Dr. P.S. Lorin, Principal
“We should stick and stand up for each other but we should not overdo it, such that we alienate ourselves from students of other communities. For those living in the metros or even in towns like Dimapur and Kohima, you have to grow up quicker and be street smart to survive and succeed. You are not studying with only another Naga or tribal, you are actually studying with some of the brightest, strongest and self-driven people in the world.”
– Musings from a former
I shudder at times when I recall how I finally landed up in Delhi in the 70’s. I was young, had only `500 in my pocket and did not know a soul in Delhi. My train arrived early and I went straight to the University to take admission, without a clue about where I would be staying in Delhi. I would have been in big trouble, if I had not met a fellow Naga student named Luingam Luithui, who took me in and helped me get set on my feet. I am forever grateful to him for that act of kindness
I believe this is an example of how we Nagas took care of each other in the early days. Nagas who came to Delhi were always welcomed and treated as family by other Nagas. During this period (1974-78), the political situation in Nagaland was still stormy and Naga patriotism was also vibrant and clearly visible. It was also a time when it was easy to meet Naga politicians, top bureaucrats and businessmen who came to the capital for work. This served a boon to the Naga Students Union Delhi, as the Union played a crucial role those days. In retrospect, this leverage probably influenced a lot of decisions and even helped to formulate them.
One year after arriving in Delhi, I was chosen as the consensus candidate to be the President of Naga Students Union Delhi in 1975. We had a good team and worked hard. While there were certainly shortcomings on our part, I would like to think that we also had many accomplishments. Of these accomplishments, we were able to achieve them only because of the unity, cooperation and discipline of the hardworking members.
Undoubtedly, globalisation has made the world a smaller place today, changing outlooks and mindsets. However, I will also not be surprised if some of you feel a sense of familiarity even today with my observations on the scenario during those days. Naga students in Delhi and some other parts of India were commonly mistaken to be foreigners because of our mongoloid features. The Nagas also had a social and cultural life quite different from the mainland Indians and therefore, we perceived each other differently, even as we lived on different levels of conservatism and broadmindedness all in the same breath. It was very rare to find an Indian who had heard of Nagaland, let alone know where it was located. As we struggled to establish our identity in a city of millions, we were regularly bombarded with disturbing news from Nagaland. News of clashes between the Indian army and members of the Naga Political Movement and sometimes atrocities against civilians were a regular occurrence. These incidents always elicited anger and deep frustration against the Indian Government. Filled with Naga patriotism, many of the students boycotted UPSC civil service competitive exams, idealistically opting to wait and sit for the future Naga National Public Service (NNPS) competitive examinations once Nagaland supposedly attained its independence.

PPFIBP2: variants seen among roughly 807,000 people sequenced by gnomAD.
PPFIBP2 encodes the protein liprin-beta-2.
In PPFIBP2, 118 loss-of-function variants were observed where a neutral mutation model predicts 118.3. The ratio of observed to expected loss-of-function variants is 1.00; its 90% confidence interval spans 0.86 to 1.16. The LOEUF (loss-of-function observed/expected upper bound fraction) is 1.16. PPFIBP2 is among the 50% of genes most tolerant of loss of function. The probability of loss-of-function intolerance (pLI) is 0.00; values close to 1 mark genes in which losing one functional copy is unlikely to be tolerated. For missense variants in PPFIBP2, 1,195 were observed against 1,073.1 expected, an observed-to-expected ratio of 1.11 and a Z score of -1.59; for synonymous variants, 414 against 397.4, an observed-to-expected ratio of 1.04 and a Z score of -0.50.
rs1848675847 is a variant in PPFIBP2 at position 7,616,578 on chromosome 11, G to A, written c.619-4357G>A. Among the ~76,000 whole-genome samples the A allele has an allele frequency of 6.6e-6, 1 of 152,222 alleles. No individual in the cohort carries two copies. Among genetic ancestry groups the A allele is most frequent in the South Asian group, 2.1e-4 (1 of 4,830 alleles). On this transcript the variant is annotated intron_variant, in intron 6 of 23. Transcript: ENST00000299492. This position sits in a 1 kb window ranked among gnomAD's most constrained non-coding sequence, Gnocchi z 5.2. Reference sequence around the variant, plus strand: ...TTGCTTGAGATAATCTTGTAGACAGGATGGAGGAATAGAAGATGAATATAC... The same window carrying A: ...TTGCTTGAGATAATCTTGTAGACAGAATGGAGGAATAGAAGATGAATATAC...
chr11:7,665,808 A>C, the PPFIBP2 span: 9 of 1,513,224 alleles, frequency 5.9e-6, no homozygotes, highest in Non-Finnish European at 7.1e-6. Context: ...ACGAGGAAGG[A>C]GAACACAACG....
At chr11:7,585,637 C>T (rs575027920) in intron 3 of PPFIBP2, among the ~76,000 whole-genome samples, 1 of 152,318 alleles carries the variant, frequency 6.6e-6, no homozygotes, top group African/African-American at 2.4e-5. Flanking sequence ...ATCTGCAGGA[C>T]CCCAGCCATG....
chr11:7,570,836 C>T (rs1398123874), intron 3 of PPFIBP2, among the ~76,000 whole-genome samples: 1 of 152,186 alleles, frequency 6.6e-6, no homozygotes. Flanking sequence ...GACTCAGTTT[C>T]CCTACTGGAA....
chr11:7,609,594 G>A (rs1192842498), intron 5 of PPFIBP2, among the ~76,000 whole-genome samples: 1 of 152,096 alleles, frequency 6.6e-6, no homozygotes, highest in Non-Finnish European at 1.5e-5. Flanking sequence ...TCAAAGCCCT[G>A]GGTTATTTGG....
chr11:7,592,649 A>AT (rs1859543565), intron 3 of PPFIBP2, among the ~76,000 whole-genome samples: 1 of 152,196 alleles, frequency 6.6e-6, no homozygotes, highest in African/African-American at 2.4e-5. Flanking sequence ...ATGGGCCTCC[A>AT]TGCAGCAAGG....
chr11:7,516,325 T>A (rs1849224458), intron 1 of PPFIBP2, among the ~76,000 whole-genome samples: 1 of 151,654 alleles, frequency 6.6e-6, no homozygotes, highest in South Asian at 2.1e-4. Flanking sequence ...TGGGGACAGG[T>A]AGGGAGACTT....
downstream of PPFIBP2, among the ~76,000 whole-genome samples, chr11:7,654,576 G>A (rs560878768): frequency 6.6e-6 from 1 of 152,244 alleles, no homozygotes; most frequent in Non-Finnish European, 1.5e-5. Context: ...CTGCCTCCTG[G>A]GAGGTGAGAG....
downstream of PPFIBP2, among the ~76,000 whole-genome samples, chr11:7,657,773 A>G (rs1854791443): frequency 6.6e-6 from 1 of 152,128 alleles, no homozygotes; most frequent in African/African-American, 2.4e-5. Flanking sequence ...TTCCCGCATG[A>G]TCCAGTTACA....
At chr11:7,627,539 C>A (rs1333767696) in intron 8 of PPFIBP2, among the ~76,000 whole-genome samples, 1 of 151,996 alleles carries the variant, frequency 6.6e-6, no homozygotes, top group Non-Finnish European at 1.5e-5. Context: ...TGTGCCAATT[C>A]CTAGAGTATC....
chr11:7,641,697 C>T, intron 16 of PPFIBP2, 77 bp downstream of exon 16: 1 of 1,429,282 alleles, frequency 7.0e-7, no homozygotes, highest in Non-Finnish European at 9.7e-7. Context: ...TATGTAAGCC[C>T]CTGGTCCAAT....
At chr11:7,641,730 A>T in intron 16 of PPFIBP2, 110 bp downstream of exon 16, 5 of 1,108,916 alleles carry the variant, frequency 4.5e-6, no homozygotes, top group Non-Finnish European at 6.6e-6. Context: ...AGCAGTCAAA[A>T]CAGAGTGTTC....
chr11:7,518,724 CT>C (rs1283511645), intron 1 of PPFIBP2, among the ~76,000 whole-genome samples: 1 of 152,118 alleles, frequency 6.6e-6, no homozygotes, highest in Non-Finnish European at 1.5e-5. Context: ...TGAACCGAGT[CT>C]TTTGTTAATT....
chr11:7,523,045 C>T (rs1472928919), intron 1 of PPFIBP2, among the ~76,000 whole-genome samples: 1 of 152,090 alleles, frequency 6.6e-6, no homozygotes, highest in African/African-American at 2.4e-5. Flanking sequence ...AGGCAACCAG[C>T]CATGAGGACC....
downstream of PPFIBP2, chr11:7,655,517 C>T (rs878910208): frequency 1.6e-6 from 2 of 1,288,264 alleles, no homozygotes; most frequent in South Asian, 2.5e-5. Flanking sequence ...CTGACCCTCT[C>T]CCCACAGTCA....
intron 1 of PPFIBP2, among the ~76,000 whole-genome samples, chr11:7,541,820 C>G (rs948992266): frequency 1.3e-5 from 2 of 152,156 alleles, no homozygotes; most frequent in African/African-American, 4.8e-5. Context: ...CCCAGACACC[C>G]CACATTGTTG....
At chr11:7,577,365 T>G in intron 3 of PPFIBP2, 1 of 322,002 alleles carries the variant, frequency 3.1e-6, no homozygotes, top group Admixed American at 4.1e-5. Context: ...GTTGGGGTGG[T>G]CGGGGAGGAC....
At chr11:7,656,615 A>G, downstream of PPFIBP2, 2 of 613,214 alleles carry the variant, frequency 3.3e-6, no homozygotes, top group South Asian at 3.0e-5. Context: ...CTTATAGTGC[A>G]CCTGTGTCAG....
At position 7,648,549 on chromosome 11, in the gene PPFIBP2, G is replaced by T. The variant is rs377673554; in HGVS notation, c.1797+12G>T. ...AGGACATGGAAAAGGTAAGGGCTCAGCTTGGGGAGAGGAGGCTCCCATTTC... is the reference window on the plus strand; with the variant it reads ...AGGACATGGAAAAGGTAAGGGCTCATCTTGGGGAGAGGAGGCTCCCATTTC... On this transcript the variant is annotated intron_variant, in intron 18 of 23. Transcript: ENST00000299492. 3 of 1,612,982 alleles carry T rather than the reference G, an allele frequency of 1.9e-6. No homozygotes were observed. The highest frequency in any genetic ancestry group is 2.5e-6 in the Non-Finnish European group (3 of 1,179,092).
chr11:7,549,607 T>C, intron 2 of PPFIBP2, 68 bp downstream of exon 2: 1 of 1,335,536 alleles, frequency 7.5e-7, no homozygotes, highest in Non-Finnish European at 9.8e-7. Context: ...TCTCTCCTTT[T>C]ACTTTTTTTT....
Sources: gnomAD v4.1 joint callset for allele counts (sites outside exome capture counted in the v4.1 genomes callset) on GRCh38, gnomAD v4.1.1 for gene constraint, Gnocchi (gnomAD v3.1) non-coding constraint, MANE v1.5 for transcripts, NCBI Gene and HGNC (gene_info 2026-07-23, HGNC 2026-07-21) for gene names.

Against this backdrop of political turmoil and our search for a Naga identity the NSUD helped form the Naga Peoples Movement for Human Rights (NPMHR). The NPMHR worked to specifically tackle Armed Forces Special powers Act of 1958 and other draconian laws prevailing in Naga Areas.
It was an uphill task to organize ourselves in the absence of mobile phones, and landlines which sometimes failed to work. Just like any organization, there were differences of opinion and minute feelings of tribalism rearing its ugly head. Today, looking back at where we are now, I cannot say we were successful in everything we did. But I do know we were able to highlight a lot of our problems to many mainland student leaders. Some of them were Prakash Karat and Sitaram Yechury, student leaders during our time who are now members of the Communist Party of India.
I hope to see our Naga student bodies continue to promote and celebrate our success as a people in the many dynamic cities and locations they are located. In my opinion, one very important role for a lot of the student bodies in the cities and the towns is to build ties and create friendship with non-Nagas, particularly with mainland Indians. Many of the student leaders in the capital or the colleges you are studying in may be the future leaders of the country and building these bridges now would surely pay dividends in the future. We should stick and stand up for each other but we should not overdo it, such that we alienate ourselves from students of other communities. As a student body you function with constraints. You should remember that there is no such thing as a free lunch and that any organisation is accountable to the people it represents. I wish to see every one of you to hold impeccable integrity so that you earn respect, trust and the confidence of others.
Today, we live in a different era. There are more options for employment than just the government, access to information and communication that has been unprecedented and widespread education to help surpass anything that the earlier Nagas had achieved. My message is for each and every student. You have many more advantages than your fathers ever did. For those living in the metros or even in towns like Dimapur and Kohima, you have to grow up quicker and be street smart to survive and succeed. You are not studying with only another Naga or tribal, you are actually studying with some of the brightest, strongest and self-driven people in the world. Do not let us, your parents and yourself down. MExN